Joe Glatthaar on “Why the Confederacy Lost”

Looks like Vanderbilt University has put together a first rate speakers series [see here, here, and here] on the Civil War.  It is safe to say that the most important book to be published on the Army of Northern Virginia in recent years is Joseph Glatthaar’s, General Lee’s Army: From Victory to Collapse.  I read through the book when it was first published and have since gone through large sections of it again.  While the book offers an incredibly rich narrative it is Glatthaar’s statistical sample that constitutes the real value of this study.  Glatthaar’s statistical portrait of the ANV is slated to be published by the University of North Carolina Press: Soldiering in the Army of Northern Virginia: A Statistical Portrait of the Troops Who Served under Robert E. Lee.  You get a taste of this aspect of the book in this presentation.

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7 thoughts on “Joe Glatthaar on “Why the Confederacy Lost”

  1. Scott Manning

    The statistics are overwhelming. If I understood him correctly, he said that 1 out of 2 officers in Lee’s army were casualties, which is a brutal figure. Even worse, 80% of the army became casualties, after you exclude desertions. A regularly supplied army would struggle to support those losses.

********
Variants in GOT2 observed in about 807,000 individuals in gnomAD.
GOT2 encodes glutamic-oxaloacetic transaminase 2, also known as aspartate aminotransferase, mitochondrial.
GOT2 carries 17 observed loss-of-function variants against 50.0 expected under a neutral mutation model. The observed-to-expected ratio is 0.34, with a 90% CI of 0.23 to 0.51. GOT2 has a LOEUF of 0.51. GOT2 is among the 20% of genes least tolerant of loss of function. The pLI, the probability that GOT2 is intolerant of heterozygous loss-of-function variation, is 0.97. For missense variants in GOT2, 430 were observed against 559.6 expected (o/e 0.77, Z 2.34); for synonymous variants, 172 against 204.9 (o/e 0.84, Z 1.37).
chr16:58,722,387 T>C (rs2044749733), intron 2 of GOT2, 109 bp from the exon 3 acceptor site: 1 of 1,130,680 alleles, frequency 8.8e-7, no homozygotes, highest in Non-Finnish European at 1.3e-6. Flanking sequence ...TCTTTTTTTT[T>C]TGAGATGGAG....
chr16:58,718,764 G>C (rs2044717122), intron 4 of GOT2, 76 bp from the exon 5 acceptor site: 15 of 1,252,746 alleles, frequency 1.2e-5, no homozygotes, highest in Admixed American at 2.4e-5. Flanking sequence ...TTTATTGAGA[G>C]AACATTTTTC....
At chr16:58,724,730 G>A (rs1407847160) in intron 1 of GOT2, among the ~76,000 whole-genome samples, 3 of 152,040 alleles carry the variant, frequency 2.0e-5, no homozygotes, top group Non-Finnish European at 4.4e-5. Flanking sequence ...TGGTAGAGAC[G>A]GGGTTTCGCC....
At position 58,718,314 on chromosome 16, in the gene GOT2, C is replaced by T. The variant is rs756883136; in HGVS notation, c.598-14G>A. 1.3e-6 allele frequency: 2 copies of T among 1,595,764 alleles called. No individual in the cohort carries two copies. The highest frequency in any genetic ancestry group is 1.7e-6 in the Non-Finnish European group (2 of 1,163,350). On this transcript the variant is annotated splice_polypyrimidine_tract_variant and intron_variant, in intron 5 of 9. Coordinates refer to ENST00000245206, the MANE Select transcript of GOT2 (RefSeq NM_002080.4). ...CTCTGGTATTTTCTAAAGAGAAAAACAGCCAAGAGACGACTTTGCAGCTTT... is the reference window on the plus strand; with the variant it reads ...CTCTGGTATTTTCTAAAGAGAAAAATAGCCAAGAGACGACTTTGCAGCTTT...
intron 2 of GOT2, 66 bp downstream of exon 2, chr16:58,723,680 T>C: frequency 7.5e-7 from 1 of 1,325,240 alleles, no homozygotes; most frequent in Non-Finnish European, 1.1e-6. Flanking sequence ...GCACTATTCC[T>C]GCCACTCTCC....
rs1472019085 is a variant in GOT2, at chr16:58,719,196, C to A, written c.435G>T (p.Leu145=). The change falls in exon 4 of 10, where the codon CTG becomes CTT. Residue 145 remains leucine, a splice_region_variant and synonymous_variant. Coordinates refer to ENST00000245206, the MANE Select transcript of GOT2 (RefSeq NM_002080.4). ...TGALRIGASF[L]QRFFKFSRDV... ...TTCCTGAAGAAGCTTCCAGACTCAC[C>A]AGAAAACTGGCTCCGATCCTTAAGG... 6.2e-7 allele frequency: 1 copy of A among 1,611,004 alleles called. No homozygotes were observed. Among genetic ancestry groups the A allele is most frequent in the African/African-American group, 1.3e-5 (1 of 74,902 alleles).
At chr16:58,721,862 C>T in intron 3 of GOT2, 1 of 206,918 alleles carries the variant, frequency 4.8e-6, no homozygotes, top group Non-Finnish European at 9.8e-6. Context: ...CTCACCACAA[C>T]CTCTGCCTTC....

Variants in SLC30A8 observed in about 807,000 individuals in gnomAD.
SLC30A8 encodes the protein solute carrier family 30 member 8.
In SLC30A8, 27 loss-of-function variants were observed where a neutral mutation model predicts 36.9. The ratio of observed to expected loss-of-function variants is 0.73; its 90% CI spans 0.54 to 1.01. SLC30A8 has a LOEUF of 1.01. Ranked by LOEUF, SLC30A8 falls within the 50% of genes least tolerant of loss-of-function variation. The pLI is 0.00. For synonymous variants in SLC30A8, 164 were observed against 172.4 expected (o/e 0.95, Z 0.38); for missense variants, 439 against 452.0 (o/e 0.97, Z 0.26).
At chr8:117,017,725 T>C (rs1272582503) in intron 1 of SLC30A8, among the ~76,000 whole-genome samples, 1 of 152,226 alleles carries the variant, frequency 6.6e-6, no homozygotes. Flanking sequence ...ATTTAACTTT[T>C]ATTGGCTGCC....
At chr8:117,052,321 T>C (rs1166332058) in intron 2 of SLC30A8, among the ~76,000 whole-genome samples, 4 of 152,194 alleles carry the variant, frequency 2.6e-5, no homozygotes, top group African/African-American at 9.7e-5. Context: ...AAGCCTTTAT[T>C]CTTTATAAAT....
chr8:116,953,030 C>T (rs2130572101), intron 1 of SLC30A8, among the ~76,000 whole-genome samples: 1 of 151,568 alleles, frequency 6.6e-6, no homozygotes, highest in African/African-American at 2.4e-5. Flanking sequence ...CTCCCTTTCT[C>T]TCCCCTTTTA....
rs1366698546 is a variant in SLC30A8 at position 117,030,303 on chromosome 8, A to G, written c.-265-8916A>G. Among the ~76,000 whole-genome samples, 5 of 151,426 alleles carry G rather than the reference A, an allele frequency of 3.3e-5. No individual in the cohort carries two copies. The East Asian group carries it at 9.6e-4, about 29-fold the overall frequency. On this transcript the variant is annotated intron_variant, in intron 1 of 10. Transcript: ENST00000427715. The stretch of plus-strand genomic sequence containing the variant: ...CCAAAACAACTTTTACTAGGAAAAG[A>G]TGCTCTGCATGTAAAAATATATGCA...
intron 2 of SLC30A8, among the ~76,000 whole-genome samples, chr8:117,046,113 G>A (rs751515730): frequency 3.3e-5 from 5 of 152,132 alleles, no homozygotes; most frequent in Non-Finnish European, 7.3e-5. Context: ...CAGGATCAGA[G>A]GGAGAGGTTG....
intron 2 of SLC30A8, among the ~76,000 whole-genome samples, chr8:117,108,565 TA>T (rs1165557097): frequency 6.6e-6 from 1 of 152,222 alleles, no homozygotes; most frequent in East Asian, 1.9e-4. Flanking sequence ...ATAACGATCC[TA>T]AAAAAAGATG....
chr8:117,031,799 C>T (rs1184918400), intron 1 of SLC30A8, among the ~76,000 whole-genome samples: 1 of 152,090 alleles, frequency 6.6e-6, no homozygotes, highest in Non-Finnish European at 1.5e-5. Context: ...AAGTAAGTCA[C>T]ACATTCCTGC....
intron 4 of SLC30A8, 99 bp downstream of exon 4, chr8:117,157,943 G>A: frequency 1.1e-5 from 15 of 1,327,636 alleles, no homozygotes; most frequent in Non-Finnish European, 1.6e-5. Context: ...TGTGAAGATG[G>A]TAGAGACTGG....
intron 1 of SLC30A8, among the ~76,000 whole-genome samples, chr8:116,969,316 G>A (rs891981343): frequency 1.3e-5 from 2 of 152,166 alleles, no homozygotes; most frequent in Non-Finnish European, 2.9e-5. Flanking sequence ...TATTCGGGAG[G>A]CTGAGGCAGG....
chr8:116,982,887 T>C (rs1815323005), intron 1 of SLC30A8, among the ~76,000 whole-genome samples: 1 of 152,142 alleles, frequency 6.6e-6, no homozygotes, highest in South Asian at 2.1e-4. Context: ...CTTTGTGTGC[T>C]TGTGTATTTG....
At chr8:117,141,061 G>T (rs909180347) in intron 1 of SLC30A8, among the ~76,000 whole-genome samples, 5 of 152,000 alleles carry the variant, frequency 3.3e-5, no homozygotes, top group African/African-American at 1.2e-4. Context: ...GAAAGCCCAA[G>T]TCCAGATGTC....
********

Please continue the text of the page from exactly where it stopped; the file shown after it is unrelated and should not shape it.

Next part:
However, the number that blew my mind was that the Army of Northern Virginia inflicted 45% of all Union casualties during the war. I agree with many people that the Eastern Theater gets a lopsided amount of attention, but a figure like that make you think, especially when we are talking about a single army. Lee’s army killed hard and died hard.

    Thanks for posting this video.

    Reply
      1. Scott Manning

        I have the book, but I have only read portions of it. Actually, I think I picked it up a year ago after reading one of your posts mentioning it.

        I keep thinking about that stat on the Army of Northern Virginia. I tried to track down how many different armies there were in the Confederacy. I came up with 22. I don’t know if that is accurate, and obviously some armies were bigger and more active than others. However, when you point out that the Army of Northern Virginia was 1 of 22 Confederate armies and that single army inflicted 45% of the Union’s casualties for the war, it makes the stat even more impressive.

        Reply
        1. Jonathan Mahaffey

          It looks like the list of armies Scott links to includes some of the smaller armies that were eventually combined into the ANV. Do Dr. Glatthaar’s statistics include the data for these predecessor armies, such as the casualty figures from First Manassas, or does he only start from the official creation of the ANV after Lee took command?

          Reply

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